As the city of Charlotte considers whether to strike a deal with movie executive Bert Hesse to redevelop the Eastland Mall site, one of the first hurdles is deciding whether to lease or sell the land to Hesse’s Studio Development Charlotte Group.
Hesse has requested the city sell him the 80 acres at Eastland for a nominal fee of $1, in addition to providing $24.7 million in city and county property tax rebates.
The city’s economic development office is OK with the concept of providing Hesse the land for a nominal fee.
But it’s unsure about selling the property to Hesse, or whether it would prefer a long-term lease, which could give the city more leverage concerning how and when the site is developed.
The issue of selling the land versus leasing it to Hesse will be a key point of negotiations during the next two months.
The city hopes to redevelop Eastland into a mixed-use project that will spark an economic revival on the eastside.
At a City Council committee meeting last week, the city’s economic development director, Brad Richardson, told council members that Hesse would like to own the land to help him secure loans to finance the project. The land could be used as collateral, Richardson said.
“That’s driving the need for holding the land,” Richardson said in an interview.
But Richardson said the city must ensure that any sale would give the city the ability to re-take the property if the movie studio project didn’t move forward.
“We won’t sell it for a dollar and then allow the developer to realize a large upside (by selling the land),” Richardson said. “We couldn’t let them realize a windfall that the public doesn’t share in.”
Hesse said this week that his desire to own the land isn’t driven by a need for collateral to secure tens of millions of dollars of financing. He said he wants the city to show its commitment to the project.
“The (collateral) is not the key point,” Hesse said.
He added there is another upside to him owning the land: He would be paying city and county property taxes on the land.
The city bought the 80 acres at Eastland Mall for $13.2 million in summer 2012. It is spending nearly $1 million to demolish the mall.
When the city or county enters a public-private partnership to develop a site, local governments often offer a long-term lease for a nominal amount, Richardson said. That was the case when the city offered land to the Carolina Panthers in the early 1990s, and when Mecklenburg County provided land to the Charlotte Knights baseball team for a new stadium under construction uptown.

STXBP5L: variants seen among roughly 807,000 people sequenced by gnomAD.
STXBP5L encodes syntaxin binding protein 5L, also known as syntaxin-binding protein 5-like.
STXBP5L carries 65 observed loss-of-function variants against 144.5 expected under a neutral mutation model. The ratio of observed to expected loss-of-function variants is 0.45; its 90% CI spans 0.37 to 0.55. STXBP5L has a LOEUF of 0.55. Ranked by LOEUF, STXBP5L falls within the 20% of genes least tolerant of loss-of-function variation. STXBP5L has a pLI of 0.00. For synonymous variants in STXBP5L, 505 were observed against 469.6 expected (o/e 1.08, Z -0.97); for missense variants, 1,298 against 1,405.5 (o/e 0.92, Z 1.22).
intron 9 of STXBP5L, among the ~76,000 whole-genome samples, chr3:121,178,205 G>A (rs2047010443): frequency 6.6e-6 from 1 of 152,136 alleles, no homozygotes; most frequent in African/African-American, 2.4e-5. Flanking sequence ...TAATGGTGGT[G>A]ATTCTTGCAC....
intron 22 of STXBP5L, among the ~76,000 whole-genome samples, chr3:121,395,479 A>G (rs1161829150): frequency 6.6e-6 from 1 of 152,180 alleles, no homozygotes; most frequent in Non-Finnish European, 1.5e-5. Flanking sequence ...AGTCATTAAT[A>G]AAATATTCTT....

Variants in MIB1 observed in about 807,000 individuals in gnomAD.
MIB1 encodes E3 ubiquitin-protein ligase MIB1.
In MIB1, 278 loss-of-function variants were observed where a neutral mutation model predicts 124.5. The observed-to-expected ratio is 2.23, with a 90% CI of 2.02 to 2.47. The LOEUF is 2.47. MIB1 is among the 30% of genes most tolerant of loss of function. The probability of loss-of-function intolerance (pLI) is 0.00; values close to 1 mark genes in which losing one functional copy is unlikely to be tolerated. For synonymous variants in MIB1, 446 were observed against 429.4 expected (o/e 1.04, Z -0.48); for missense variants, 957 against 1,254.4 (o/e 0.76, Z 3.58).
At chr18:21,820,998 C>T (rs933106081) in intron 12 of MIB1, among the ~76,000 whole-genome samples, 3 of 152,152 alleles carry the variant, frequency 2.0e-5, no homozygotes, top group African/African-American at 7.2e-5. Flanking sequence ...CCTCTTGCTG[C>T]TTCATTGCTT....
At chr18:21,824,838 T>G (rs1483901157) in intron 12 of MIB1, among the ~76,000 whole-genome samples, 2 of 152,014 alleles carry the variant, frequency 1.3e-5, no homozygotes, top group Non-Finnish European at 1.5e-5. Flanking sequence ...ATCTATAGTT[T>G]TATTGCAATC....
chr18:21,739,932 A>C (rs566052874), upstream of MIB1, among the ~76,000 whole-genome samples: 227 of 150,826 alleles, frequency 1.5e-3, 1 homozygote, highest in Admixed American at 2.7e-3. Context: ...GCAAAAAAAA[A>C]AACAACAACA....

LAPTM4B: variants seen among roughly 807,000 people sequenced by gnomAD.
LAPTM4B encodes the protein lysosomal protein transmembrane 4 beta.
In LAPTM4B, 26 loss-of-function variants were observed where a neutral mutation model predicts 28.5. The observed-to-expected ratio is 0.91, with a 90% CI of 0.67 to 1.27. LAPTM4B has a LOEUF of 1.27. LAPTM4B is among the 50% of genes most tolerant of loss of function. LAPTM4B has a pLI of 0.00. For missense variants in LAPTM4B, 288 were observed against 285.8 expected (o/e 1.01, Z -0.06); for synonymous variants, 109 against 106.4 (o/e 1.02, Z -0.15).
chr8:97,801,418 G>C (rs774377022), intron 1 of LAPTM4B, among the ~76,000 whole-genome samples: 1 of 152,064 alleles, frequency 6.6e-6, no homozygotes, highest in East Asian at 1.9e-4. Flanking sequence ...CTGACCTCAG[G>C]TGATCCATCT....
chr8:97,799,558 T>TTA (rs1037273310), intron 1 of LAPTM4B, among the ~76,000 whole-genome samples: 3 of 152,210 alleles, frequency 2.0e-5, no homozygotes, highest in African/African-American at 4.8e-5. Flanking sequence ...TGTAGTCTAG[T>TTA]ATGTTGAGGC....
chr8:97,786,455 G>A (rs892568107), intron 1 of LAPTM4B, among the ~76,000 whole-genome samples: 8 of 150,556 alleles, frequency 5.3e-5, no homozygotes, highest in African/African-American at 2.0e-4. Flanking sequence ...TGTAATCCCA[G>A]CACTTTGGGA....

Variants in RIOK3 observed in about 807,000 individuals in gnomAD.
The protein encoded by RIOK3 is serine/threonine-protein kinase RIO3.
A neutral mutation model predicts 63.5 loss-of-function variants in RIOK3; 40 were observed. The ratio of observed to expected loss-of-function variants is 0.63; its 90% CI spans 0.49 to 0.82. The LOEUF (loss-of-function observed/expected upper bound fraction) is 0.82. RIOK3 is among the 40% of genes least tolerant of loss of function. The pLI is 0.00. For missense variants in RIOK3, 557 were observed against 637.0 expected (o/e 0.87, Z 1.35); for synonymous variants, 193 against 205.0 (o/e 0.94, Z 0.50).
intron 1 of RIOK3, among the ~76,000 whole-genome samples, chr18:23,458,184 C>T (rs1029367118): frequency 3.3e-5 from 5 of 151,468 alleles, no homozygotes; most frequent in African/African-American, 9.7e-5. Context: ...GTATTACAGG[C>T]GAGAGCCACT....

But Richardson said the city has done deals in which it parted with land. One was last year’s decision to sell the Carolina Theatre to the Foundation for the Carolinas for $1.
In that case, Richardson said the city has “performance criteria” that were written into the contract. If the foundation hasn’t begun renovations of the theater by 2018, Richardson said it would be in default and have to pay the city fair-market value for the property.
At last week’s committee meeting, outgoing District 1 council member Billy Maddalon asked whether the city could sell or lease Hesse a portion of the 80 acres for only the first phase of his project. After that phase is built, the city could provide Studio Development Charlotte with additional pieces of the Eastland site.
Hesse has indicated he would like the property in its entirety. He wants to do infrastructure work for the entire site, even if the development would be built in phases.
“We want to get the development up and running as fast as possible,” Hesse said. “We don’t want a 10-year build out.”
Another potential sticking point in negotiations with the city is Hesse’s request for city and county tax breaks.
The city and county often offer property tax rebates for new projects, but the deals are structured so that the project is finished – and taxes paid – before any money is given back.
Hesse told the city the first phase of his Eastland development would cost $89.6 million.
He said he and his partners – Pacifica Ventures of Santa Monica, Calif. – would bring $19.4 million in cash to the deal. They would take out $39.2 million in debt and seek tax credits worth $15.2 million for the first phase of their project. To finish the entire site, they would need $24.7 million.
The problem is that the first phase of the project isn’t expected to produce enough new property tax revenue within 10 years to cover the cost of the tax credits.
City staff estimated the first phase would create, at most, $8.5 million in new city and county taxes within 10 years.
That would leave the City Council having to give Hesse upfront money, something the city has been reluctant to do in the past.
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